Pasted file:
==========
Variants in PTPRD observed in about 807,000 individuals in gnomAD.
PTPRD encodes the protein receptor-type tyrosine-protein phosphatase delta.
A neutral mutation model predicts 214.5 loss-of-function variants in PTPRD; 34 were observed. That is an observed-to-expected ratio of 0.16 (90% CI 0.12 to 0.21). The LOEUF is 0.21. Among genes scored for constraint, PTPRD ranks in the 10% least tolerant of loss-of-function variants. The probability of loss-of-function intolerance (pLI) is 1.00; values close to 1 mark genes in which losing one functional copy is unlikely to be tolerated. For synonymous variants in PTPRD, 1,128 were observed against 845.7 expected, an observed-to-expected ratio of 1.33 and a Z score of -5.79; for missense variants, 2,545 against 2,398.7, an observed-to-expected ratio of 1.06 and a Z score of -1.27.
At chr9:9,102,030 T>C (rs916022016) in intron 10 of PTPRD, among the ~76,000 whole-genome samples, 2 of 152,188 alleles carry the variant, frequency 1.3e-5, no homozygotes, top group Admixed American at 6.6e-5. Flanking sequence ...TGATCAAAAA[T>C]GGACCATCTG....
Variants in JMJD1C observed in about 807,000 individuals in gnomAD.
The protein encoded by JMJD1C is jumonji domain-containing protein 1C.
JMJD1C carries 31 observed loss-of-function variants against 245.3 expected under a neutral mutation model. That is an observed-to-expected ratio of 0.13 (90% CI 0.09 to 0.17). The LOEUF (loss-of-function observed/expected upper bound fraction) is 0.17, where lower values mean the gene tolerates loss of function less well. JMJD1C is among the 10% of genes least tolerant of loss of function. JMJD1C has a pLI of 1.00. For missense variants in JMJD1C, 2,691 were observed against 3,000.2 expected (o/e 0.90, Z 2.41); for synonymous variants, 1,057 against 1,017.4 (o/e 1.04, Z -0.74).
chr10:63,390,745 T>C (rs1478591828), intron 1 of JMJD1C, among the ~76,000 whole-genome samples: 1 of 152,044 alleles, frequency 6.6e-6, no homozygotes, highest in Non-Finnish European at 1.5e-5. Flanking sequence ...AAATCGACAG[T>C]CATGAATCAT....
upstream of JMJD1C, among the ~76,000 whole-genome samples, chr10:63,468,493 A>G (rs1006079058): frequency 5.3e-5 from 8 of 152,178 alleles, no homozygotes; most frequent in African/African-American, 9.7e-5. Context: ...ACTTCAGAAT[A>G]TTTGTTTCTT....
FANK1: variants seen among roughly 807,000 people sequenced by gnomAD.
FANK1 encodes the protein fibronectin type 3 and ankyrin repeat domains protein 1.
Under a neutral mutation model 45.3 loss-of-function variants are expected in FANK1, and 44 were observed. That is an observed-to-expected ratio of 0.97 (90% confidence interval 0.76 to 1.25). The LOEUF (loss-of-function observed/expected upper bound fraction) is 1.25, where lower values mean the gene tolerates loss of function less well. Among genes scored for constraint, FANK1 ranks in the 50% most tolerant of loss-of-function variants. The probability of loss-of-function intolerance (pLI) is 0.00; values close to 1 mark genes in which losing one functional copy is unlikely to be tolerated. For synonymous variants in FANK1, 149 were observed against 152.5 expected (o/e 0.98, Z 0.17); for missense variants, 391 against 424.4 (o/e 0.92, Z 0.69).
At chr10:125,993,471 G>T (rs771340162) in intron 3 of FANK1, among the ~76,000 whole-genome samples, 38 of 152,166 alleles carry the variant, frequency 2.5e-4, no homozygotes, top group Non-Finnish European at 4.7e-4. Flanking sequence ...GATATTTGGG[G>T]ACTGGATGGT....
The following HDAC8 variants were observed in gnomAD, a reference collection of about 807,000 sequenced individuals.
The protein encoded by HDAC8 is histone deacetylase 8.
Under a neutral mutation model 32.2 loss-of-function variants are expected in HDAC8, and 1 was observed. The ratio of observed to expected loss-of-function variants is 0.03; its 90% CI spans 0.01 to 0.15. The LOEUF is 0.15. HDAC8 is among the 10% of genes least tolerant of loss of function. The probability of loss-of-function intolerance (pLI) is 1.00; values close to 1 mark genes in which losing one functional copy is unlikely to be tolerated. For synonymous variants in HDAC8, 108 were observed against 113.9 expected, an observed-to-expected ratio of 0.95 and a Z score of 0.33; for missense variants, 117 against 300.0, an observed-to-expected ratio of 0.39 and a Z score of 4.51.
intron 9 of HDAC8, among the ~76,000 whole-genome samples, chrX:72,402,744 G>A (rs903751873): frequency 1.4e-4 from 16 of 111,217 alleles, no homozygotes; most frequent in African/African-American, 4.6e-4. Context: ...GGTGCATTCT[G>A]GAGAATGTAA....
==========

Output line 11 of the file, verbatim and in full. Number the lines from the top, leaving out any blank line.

FANK1 encodes the protein fibronectin type 3 and ankyrin repeat domains protein 1.